Bridging almost a century of Brazilian art, Visions of Brazil: Reimagining Modernity from Tarsila to Sonia at Blum & Poe in New York (30 April–22 June 2019), hosted in collaboration with Mendes Wood DM, offers a rereading of Brazilian Modernism through the works of artists practising at different times, from the 20th century through to the...
In 1969, Horikawa Michio, schoolteacher and member of the artist collective GUN (Group Ultra Niigata), filled out the customs paperwork to mail a one-kilogram river stone from Niigata, the proverbial 'backside of Japan', to President Nixon. In return, Horikawa received a thank you note for this 'most unusual Christmas gift'—a muted anti-war...
'He was not a "political" kind of person. He just wanted to be honest and straight. But it was not easy in Korea to live like that,' writes curator Kim Inhye on artist Yun Hyong-keun. For much of his life, Yun lived in proximity to some of the most tumultuous moments in modern Korean history, from which he emerged as a pioneer of abstract...
Parafin presents a seminal body of work by the important British artist Tim Head (born 1946), never previously exhibited in the US. Indeed, this presentation is Head’s first showing in New York since British Art Now: An American Perspective' at the Solomon R Guggenheim Museum in 1980. And while this series of photographic collages were developed out of the research material for an important slide installation, Compass (1982), presented at the Tate Gallery, London, they have only been exhibited once before, in the group exhibition Transient Space at Parafin, London in 2017.
The Transient Space series was made at a transitional moment for both the artist and the city in which he lives and works. Head had spent the previous decade making ambitious conceptual installations, culminating in his show in the British Pavilion at the Venice Biennale in 1980. Subsequently, in the course of long night walks through London in 1981–1982, Head photographed anonymous de-humanised spaces; empty interiors, corporate lobbies, hotel entrances and underground car parks. The resulting images were then collaged, mirrored horizontally and vertically, and the spaces rendered uncanny yet hermetic, with no possibility of exit. Head used the filmic appearance of black-and-white photography seen through a filter of hand-tinted colours to further blur the distinction between real and fictional. The new spaces that emerged from this treatment suggest empty stage sets or sci-fi environments and extend Head’s ongoing investigation into perception and the surfaces and of textures of contemporary life. They also evoke the ‘Non-places’ that for the philosopher Marc Auge are the symptoms of Super-modernity.
Indebted to Beaudelaire’s flâneur, the observant urban wanderer, as well as the Situationist notion of the dérive, Head’s photographic collages suggest a journey through dehumanised urban space. The city is explored in relation to Modernism, but is also an array of politically demarcated zones, a stage, and a generator of obscure visual codes and languages. Within Head’s framework the contemporary urban environment is revealed as, to use the titles of the works, transient, fragile and terminal.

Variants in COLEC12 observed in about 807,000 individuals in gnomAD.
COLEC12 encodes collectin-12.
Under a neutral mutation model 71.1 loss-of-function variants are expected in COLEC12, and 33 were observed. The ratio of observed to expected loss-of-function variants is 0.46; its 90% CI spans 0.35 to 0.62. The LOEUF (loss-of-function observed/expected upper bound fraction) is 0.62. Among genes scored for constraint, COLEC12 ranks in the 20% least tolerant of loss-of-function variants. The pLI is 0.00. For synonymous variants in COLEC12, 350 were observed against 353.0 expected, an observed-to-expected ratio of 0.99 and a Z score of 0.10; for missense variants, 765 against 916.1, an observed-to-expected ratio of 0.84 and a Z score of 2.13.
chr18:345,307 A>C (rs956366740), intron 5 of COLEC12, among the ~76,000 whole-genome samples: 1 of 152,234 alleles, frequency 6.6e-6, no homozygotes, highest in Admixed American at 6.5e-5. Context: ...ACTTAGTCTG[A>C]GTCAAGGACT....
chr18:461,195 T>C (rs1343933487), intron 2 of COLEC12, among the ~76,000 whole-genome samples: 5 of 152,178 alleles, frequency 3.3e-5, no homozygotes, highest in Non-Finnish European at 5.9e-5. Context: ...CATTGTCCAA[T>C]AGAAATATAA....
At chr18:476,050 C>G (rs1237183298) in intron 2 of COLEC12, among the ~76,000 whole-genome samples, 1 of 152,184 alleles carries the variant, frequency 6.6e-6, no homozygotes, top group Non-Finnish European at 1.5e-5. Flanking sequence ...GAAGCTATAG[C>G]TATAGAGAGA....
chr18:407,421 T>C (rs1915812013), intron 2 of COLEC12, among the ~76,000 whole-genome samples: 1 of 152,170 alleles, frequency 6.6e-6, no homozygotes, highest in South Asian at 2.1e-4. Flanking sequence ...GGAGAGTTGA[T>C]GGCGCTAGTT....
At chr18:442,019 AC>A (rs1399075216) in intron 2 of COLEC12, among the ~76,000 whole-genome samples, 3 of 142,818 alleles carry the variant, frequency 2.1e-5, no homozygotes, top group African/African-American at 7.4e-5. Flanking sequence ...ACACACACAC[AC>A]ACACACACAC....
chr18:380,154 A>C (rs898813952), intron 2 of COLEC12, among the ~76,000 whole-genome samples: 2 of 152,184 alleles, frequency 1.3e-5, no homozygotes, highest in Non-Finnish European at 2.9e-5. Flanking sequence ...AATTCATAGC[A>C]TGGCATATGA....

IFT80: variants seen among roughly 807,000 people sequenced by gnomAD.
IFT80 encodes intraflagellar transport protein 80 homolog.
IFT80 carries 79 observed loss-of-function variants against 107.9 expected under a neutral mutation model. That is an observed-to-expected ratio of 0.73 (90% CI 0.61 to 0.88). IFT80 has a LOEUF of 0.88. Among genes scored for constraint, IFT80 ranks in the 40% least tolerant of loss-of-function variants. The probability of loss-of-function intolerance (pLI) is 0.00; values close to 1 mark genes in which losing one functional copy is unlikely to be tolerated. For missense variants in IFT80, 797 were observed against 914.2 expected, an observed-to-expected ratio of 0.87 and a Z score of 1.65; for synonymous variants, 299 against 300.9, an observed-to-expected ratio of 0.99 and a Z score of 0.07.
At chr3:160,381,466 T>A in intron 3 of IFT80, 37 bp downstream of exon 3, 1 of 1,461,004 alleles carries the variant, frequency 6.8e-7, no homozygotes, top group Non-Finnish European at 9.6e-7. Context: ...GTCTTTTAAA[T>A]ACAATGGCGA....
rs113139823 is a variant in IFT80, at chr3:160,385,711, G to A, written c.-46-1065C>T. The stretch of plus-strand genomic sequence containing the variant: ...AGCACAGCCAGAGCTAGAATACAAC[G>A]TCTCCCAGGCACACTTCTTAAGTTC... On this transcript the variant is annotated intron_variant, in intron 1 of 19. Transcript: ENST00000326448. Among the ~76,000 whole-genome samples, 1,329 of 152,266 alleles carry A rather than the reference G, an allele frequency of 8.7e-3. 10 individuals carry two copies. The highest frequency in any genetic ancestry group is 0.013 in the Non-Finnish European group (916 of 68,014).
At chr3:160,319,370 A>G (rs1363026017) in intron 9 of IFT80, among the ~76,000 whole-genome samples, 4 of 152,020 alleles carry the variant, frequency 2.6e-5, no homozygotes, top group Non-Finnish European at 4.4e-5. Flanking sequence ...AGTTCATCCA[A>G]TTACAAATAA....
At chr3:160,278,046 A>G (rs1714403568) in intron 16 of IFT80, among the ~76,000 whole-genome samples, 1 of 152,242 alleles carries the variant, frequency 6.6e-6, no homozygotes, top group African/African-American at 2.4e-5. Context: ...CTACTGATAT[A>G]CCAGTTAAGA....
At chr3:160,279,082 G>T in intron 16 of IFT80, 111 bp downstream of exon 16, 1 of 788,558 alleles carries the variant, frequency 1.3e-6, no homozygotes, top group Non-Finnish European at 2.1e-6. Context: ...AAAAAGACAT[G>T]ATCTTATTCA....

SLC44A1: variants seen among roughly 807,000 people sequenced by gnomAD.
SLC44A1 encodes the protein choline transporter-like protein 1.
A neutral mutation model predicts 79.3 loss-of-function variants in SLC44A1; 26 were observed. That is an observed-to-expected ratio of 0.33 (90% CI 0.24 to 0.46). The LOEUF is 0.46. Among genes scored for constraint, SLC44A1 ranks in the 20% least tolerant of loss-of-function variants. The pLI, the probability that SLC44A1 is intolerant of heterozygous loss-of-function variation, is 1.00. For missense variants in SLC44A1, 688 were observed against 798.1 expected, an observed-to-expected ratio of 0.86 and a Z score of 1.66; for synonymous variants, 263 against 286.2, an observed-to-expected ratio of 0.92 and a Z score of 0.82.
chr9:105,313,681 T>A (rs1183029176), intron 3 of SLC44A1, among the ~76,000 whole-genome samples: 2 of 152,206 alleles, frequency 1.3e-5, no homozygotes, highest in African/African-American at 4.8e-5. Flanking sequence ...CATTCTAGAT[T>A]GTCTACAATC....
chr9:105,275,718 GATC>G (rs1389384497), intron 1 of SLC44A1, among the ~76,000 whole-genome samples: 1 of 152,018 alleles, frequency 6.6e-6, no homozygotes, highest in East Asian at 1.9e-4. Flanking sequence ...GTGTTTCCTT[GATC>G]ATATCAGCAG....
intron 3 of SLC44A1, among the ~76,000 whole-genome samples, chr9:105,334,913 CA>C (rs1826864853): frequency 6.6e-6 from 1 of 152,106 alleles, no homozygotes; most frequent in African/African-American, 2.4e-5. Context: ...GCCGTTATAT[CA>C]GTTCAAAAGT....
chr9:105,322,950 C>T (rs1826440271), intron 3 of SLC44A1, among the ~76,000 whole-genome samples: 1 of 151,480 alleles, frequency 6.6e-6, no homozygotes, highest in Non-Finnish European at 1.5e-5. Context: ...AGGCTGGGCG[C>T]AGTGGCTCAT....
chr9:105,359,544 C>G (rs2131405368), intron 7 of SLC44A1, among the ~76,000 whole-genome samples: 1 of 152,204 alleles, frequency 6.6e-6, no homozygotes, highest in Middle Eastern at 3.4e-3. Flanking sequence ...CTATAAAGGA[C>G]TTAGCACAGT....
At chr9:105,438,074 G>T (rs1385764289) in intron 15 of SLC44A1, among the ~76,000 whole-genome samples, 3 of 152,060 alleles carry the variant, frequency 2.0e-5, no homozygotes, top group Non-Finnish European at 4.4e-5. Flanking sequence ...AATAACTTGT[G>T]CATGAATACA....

Tim Head (born 1946) first came to prominence in the early 1970s with a series of ground-breaking installations at the Museum of Modern Art, Oxford (1972), the Whitechapel Art Gallery (1974) and participation in important group shows including the 8th Paris Biennale, Musee D’Art Moderne de la Ville de Paris (1973), ‘Arte Inglese Oggi’, Palazzo Reale, Milan (1976) and Documenta 6, Kassel (1977).
Notable solo exhibitions include the British Pavilion at the Venice Biennale (1980), ICA, London (1985), Whitechapel Art Gallery (1992), Kunstverein Frieburg (1995), Huddersfield Art Gallery (2009), Kettle’s Yard, Cambridge (2010), Modern Art Oxford (2013) and The Garment Factory, Glasgow as part of Glasgow International 2018. Recent important group exhibitions include Pioneers of Pop, Hatton Gallery, Newcastle (2017), Post Pop, Saatchi Gallery, London (2014), Between Spaces, Centro de Arte Moderna, Fundacao Calouste Gulbenkian, Lisbon (2012), The Indiscipline of Painting, Tate St Ives, (2011), Signs of a Struggle: Photography in the Wake of Post Modernism, V&A, London (2011), the Lyon Biennale (2003) and Days Like These, Tate Britain, London (2003).
Head’s work is in important international collections including Tate, V&A, British Museum and Arts Council Collections in London, the Gulbenkian Foundation, Lisbon, and the Solomon R Guggenheim Museum, New York.
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